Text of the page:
Cultivating 

Bennett and Lewis aren’t just brewers and businessmen; they’re horticulturists. As Hawk Knob’s output grows, they’ve been working behind the scenes to transform the input side—trees.

On 50 acres they own in Pocahontas County, they graft a couple hundred trees every spring. They’re focusing on rarer varieties, Bennett says, to make those complex flavors available for their blend.

Cultivars they’ve grafted include some American cider varieties like Virginia Crab, Harrison, Albemarle, Roxbury and Golden Russet, and the famous West Virginia variety Grimes Golden, Lewis says. They’ve also grafted English-style apples such as Dabinett, Yarlington Mill, Kingston Black, and Harry Masters Jersey. These are just charming names for those of us who don’t know the industry, but they’re the difference between a bland cider and a unique one. “A lot of them have a higher astringent or bitter aspect that’s hard to find around here,” Lewis says.

All of this takes a long view on the business. So far, they’re testing most of their grafts in nursery beds. Once they start planting into the orchard proper—this fall, possibly, or next spring—it’ll be four to seven years or even longer before they can harvest, depending on the cultivar and the management practices they apply. Those apples’ more complex flavors will gradually enter the blend.

They’re also encouraging other orchardists to plant cider cultivars. “These varieties are just going to become more and more valuable as the cider industry grows,” Lewis told WV Living in 2016. “Farmers will get more per bushel, because the cideries will have the ability to pay more than for culinary apples. This is just the beginning of it in West Virginia.” That future already seems to be coming true with the market launch in 2017 of Swilled Dog Hard Cider, based in Franklin, West Virginia—the state’s second commercial cidery.

Marketing 

Hawk Knob hard ciders are distributed by Country Vintner of West Virginia to bars, restaurants, and wine retail outlets almost everywhere in the state.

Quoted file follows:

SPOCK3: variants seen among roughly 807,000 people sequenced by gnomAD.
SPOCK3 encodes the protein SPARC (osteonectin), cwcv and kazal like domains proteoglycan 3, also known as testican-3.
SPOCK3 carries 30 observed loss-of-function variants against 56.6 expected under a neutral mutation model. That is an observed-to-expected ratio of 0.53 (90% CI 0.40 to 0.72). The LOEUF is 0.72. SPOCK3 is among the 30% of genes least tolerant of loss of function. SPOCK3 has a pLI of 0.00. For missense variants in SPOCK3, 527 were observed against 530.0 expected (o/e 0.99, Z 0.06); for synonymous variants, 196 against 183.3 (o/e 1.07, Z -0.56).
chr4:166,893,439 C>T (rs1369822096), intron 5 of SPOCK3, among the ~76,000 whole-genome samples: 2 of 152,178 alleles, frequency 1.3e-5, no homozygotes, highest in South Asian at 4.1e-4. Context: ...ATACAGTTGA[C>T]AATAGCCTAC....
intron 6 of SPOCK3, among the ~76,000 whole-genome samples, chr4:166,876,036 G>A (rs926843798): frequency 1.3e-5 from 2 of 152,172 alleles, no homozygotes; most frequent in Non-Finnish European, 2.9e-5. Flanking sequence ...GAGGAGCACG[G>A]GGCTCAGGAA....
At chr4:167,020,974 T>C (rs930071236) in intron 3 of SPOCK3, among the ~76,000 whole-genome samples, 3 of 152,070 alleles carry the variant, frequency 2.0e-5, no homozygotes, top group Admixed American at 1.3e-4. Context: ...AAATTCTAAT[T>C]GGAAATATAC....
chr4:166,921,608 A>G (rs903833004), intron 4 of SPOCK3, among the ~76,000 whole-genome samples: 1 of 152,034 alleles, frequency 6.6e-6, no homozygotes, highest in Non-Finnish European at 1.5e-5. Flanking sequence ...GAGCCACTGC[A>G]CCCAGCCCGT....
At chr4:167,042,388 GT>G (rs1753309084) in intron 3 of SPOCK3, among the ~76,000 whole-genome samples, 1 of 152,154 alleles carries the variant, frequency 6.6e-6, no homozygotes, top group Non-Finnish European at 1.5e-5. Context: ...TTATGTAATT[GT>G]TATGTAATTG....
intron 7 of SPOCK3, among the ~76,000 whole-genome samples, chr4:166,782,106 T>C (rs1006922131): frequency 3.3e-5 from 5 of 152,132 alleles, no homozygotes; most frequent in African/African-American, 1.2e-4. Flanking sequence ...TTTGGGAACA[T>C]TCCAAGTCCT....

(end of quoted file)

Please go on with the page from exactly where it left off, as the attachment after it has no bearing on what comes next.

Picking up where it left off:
In service to expanding their market, Bennett shopped the ciders around Washington, D.C. in June 2017. “I had no idea how flooded D.C. was with cider. One place had literally 60 ciders on the menu,” he says. But the high rankings Hawk Knob has earned for the past two years at GLINTCAP, the largest international cider competition in the world—two silver placements in 2016 and a gold, a silver, and a bronze in 2017—work as a foot in the door, he finds, and then the cider’s quality sells itself. “Most folks are not doing the extensive barrel aging we do. And even in the craft sector, a lot of people are adding sugar into the primary fermentation to boost alcohol content, or they backsweeten it—we don’t do any of that. On top of that, we’re not using sulfites.” Those commitments make for a product that stands out, even in a quickly crowding field.

A partnership with a future 

Like a well-blended cider, Lewis and Bennett form a partnership of complementary qualities. Asked what Lewis brings to the table that he doesn’t, Bennett, the talker, doesn’t hesitate: “patience.” What in Bennett balances that patience out? “Josh has an outstanding drive to get things done right now,” Lewis says, adding, “He also has a lot of experience with equipment and hauling that I haven’t had. I learn that from him.”

Over time, they’ve both learned to do it all, Bennett says. “And because of that, we can divide and conquer, or quite easily come into a situation with double strength and knock it out.”

In 2017, their third summer, the two set up a tasting room at their facility on Blue Sulphur Pike west of Lewisburg. “We’ve brought in a selection of imported cheeses and charcuterie to pair with our ciders, and we’re having live music events, too,” Bennett says. “We’re also starting to do dinner pairings, bringing caterers in that feature their foods paired with our ciders.”

In June, they released Hawk Knob’s first cyser. “It’s aged over two and a half years now, which is pretty rare to find on the mead market,” Lewis says. “It’s dry like our ciders and well-balanced. I think a lot of people are really excited that’s out there.”

Also in June, Bennett went to Normandy, in France, to study with Christian Drouin, one of the most celebrated makers of Calvados—the local apple brandy. It’s part of Hawk Knob’s big vision of West Virginia’s apple future. “We’re in one of the best apple-growing regions in the country, next to the Northwest,” he says proudly. “We feel this region is set up to become an apple-growing region again. And I feel that American brandy is going to be the next thing out.”

Photographed by Nikki Bowman

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Pam Kasey
Written by Pam Kasey
Pam Kasey has traveled, brewed, farmed, counseled, and renovated, but most loves to write. She has degrees in economics from the University of Chicago and in journalism from West Virginia University. She and her husband and their teenage son live in Morgantown with their cats, Perry and Kellin.